Anyway, it's just cheaper for these companies to go in and start chopping than to manage forests reasonably. Even if they get fined, it's as the nature of all business fines: a comparatively negligible amount that they just factor into the bottom line.

We need, as a country, to crack the hell down on this stuff. We need to collectively suck up a short-term lessening of all the conveniences we take for granted, and pivot our entire national infrastructure towards restoring and maintaining our environment.
posted by feckless fecal fear mongering at 3:48 PM on September 21, 2015 [3 favorites]

I doubt this has anything to do with paper. That's hardly the most valuable use of old-growth timber.
posted by Mei's lost sandal at 3:53 PM on September 21, 2015 [2 favorites]

I doubt this has anything to do with paper.

Well, it is what money is printed on.
posted by compartment at 4:16 PM on September 21, 2015 [1 favorite]

No it isn't.
posted by Sys Rq at 4:21 PM on September 21, 2015 [7 favorites]

Old growth wood seems like it's more valuable.
posted by Annika Cicada at 4:27 PM on September 21, 2015

I'd like to know more about the politics here. The profits have to be pretty short-term especially given the obvious shortage of old-growth that is left to pillage. What hooks do the timber interests have in Victoria that are so much stronger than the outrage this provokes? How much mileage can the current govt get out of some pandering to the timber interests? Is it more of a federal issue (to use the US term)?
posted by Mei's lost sandal at 4:35 PM on September 21, 2015 [2 favorites]

Dip Flash: "Photos of logging in BC are always so shocking, with clear cuts running right down to the water edge."

I think those are older cuts, I'm not sure but I don't think you can cut into the riparian zone anymore.
posted by Mitheral at 5:02 PM on September 21, 2015

Seconding the call for more information. Not to pre-empt that detail, but one of the issues I've read about is that some of the old-growth forest that remains around Cathedral Grove, for example, was left uncut as part of agreements between the original private manager (Weyerhauser) and the BC government. Those private-managed lands have now been sold to Island Timberlands, who don't plan to honour those agreements. It's just business, folks - nothing to see here.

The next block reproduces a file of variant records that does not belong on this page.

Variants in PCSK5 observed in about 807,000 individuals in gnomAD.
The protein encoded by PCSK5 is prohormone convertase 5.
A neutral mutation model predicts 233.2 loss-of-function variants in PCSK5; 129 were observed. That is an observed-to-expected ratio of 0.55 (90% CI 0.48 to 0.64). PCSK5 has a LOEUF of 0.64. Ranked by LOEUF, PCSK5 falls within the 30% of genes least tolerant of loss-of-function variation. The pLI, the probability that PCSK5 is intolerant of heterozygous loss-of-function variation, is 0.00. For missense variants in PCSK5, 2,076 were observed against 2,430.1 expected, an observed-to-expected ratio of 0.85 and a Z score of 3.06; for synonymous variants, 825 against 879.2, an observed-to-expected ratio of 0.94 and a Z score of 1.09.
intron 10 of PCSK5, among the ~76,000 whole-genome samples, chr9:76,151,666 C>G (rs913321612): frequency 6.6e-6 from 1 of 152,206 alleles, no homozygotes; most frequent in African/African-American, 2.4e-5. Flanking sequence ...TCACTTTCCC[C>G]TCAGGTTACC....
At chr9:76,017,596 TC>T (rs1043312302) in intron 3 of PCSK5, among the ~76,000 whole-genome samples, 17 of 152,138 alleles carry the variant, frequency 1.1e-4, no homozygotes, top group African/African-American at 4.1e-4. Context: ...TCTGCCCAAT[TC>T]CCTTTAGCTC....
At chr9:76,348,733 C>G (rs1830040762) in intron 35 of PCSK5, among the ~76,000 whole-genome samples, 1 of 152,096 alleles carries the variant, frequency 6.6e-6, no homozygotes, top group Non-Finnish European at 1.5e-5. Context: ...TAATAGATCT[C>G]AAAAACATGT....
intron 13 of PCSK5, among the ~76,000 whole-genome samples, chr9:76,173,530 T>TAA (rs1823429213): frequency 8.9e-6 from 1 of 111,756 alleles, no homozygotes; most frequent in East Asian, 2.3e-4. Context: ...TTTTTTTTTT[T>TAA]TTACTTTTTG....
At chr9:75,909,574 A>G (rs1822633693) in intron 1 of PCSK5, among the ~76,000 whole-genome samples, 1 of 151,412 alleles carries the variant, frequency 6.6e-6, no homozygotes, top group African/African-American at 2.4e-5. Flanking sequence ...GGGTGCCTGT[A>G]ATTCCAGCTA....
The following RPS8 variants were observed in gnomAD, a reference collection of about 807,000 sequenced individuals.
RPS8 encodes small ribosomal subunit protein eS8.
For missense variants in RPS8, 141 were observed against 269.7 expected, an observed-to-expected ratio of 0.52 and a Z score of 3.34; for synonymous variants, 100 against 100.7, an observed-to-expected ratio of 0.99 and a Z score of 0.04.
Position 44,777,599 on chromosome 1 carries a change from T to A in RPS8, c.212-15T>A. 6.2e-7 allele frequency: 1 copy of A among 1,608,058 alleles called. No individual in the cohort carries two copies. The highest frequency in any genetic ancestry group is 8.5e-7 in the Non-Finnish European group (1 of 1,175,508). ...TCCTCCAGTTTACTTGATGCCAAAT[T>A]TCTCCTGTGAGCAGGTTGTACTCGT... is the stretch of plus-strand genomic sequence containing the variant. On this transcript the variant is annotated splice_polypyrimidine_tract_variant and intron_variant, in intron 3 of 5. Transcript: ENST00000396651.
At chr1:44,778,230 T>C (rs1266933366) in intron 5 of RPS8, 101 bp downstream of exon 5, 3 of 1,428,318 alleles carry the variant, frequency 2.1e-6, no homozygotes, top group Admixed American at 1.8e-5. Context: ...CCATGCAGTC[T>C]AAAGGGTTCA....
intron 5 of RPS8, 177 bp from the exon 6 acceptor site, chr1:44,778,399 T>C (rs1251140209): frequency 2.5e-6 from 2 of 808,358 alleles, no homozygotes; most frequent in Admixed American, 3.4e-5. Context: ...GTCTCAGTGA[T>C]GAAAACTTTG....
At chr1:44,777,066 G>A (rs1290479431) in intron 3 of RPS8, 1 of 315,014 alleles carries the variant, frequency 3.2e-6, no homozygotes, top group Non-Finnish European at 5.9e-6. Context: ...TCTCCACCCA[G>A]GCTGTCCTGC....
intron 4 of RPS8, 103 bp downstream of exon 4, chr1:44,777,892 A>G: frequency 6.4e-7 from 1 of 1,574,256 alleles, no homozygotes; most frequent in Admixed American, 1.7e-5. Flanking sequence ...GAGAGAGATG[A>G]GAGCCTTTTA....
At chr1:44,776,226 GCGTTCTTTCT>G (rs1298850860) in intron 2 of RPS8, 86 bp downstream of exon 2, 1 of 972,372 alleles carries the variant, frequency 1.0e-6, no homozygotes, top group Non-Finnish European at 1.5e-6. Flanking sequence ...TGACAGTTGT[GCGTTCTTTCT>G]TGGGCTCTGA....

posted by sneebler at 5:16 PM on September 21, 2015 [1 favorite]

It's disgusting that one could buy or own old-growth forest. That belongs to everyone. I'm not even allowed to cut down a tree in my back yard because our municipal bylaws state that unless they're sick or dangerous, we must keep the trees to keep the neighbourhood appeal.
posted by Hazelsmrf at 5:26 PM on September 21, 2015 [2 favorites]

the logging company, Teal Jones

Okay, now we know the company's ''porn name", what's their real name?
posted by Herodios at 3:45 AM on September 22, 2015

British Columbia needs to come to terms with its forestry problems. It's not unlike the American Pacific Northwest in this regard, but I think it's going to be harder for them in many ways -- there are a lot of small communities in BC that have never known anything but resource extraction as an engine for economic activity and while Vancouver has diversified considerably it was still built on logging and mining money and will find it very hard to give those up.

But BC's forests are in increasingly terrible shape. I remember how disturbed I was the last time I traveled the Inside Passage to see all the clearcuts on Vancouver Island, and further north one can scarcely understand the extent of the damage from the spruce beetle until you see it for yourself.
posted by Nerd of the North at 12:05 PM on September 22, 2015 [1 favorite]